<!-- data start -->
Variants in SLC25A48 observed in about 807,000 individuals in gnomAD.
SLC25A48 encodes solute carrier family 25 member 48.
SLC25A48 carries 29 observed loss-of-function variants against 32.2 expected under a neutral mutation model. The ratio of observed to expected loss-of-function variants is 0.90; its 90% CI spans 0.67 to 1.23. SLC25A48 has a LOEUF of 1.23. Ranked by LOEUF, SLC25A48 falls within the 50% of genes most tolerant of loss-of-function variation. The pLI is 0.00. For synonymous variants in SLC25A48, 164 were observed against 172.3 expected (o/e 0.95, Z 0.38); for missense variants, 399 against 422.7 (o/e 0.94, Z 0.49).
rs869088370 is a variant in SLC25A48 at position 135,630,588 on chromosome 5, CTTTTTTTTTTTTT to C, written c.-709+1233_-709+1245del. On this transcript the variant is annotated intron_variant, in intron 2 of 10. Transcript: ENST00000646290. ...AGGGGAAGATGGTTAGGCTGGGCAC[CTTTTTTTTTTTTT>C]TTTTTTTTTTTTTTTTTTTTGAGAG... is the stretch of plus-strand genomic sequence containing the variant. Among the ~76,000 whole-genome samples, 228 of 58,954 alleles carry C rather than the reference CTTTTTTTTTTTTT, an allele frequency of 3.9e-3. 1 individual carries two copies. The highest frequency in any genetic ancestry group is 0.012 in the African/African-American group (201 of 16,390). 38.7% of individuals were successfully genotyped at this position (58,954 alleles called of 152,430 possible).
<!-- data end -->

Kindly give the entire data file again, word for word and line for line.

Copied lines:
Variants in SLC25A48 observed in about 807,000 individuals in gnomAD.
SLC25A48 encodes solute carrier family 25 member 48.
SLC25A48 carries 29 observed loss-of-function variants against 32.2 expected under a neutral mutation model. The ratio of observed to expected loss-of-function variants is 0.90; its 90% CI spans 0.67 to 1.23. SLC25A48 has a LOEUF of 1.23. Ranked by LOEUF, SLC25A48 falls within the 50% of genes most tolerant of loss-of-function variation. The pLI is 0.00. For synonymous variants in SLC25A48, 164 were observed against 172.3 expected (o/e 0.95, Z 0.38); for missense variants, 399 against 422.7 (o/e 0.94, Z 0.49).
rs869088370 is a variant in SLC25A48 at position 135,630,588 on chromosome 5, CTTTTTTTTTTTTT to C, written c.-709+1233_-709+1245del. On this transcript the variant is annotated intron_variant, in intron 2 of 10. Transcript: ENST00000646290. ...AGGGGAAGATGGTTAGGCTGGGCAC[CTTTTTTTTTTTTT>C]TTTTTTTTTTTTTTTTTTTTGAGAG... is the stretch of plus-strand genomic sequence containing the variant. Among the ~76,000 whole-genome samples, 228 of 58,954 alleles carry C rather than the reference CTTTTTTTTTTTTT, an allele frequency of 3.9e-3. 1 individual carries two copies. The highest frequency in any genetic ancestry group is 0.012 in the African/African-American group (201 of 16,390). 38.7% of individuals were successfully genotyped at this position (58,954 alleles called of 152,430 possible).